Traditional stereo-electroencephalography (sEEG) entails the use of orthogonal trajectories guided by seizure semiology and arteriography. Advances in robotic stereotaxy and computerized neuronavigation have made oblique trajectories more feasible and easier to implement without formal arteriography. Such trajectories provide access to components of seizure networks not readily sampled using orthogonal trajectories. However, the dogma regarding the relative safety and predictability of orthogonal and azimuth-based trajectories persists, given the absence of data regarding the safety and efficacy of oblique sEEG trajectories. In this study, the authors evaluated the relative accuracy and efficacy of both orthogonal and oblique trajectories during robotic implantation of sEEG electrodes to sample seizure networks.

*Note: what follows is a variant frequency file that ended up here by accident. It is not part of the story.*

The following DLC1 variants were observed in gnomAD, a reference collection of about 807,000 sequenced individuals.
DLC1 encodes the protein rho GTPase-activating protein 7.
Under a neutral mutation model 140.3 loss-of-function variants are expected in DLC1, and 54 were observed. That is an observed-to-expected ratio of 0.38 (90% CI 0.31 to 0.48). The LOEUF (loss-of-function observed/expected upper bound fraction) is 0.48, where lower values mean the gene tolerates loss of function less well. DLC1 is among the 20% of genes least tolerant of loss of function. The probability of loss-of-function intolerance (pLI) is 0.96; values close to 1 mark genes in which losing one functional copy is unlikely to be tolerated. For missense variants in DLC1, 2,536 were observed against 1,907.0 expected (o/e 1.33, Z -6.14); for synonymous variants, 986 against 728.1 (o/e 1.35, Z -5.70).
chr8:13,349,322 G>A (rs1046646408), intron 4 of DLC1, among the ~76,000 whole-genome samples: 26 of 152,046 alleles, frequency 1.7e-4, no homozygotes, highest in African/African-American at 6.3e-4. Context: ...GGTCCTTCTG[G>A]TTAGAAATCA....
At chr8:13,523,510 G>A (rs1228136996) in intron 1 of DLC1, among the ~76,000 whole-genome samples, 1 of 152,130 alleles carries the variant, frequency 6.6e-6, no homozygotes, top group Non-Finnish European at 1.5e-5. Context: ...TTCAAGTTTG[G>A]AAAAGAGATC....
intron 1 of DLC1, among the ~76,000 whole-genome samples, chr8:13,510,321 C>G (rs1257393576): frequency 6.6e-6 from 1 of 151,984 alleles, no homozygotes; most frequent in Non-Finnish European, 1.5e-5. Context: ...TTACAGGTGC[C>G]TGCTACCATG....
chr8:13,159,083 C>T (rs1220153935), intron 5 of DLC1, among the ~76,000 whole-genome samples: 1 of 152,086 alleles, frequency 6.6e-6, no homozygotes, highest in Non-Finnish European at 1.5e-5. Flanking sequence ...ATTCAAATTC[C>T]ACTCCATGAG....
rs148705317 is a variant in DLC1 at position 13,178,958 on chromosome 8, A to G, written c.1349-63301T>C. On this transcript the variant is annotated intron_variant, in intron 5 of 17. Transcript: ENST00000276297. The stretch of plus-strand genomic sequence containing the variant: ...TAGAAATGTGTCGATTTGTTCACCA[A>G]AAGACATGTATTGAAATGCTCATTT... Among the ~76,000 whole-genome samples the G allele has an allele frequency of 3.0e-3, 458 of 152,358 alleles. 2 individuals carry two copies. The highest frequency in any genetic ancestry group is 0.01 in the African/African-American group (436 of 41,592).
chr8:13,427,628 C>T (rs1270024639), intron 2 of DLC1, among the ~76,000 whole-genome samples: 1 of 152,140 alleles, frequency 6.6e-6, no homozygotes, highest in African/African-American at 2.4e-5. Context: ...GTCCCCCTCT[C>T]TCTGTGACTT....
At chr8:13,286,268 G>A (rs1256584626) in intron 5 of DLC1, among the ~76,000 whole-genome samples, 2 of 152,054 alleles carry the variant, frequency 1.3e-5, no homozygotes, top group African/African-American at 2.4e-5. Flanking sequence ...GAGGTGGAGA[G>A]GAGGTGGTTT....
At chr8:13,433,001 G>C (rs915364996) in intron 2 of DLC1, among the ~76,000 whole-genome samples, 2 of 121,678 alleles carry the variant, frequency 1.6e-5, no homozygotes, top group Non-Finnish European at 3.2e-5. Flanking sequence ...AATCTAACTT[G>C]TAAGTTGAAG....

METHODS

The authors performed a retrospective analysis of 150 consecutive procedures in 134 patients, accounting for 2040 electrode implantations. Of these, 837 (41%) were implanted via oblique trajectories (defined as an entry angle > 30°). Accuracy was calculated by comparing the deviation of each electrode at the entry and the target point from the planned trajectory using postimplantation imaging.

RESULTS

The mean entry and target deviations were 1.57 mm and 1.89 mm for oblique trajectories compared with 1.38 mm and 1.69 mm for orthogonal trajectories, respectively. Entry point deviation was significantly associated with entry angle, but the impact of this relationship was negligible (−0.015-mm deviation per degree). Deviation at the target point was not significantly affected by the entry angle. No hemorrhagic or infectious complications were observed in the entire cohort, further suggesting that these differences were not meaningful in a clinical context. Of the patients who then underwent definitive procedures after sEEG, 69 patients had a minimum of 12 months of follow-up, of whom 58 (84%) achieved an Engel class I or II outcome during a median follow-up of 27 months.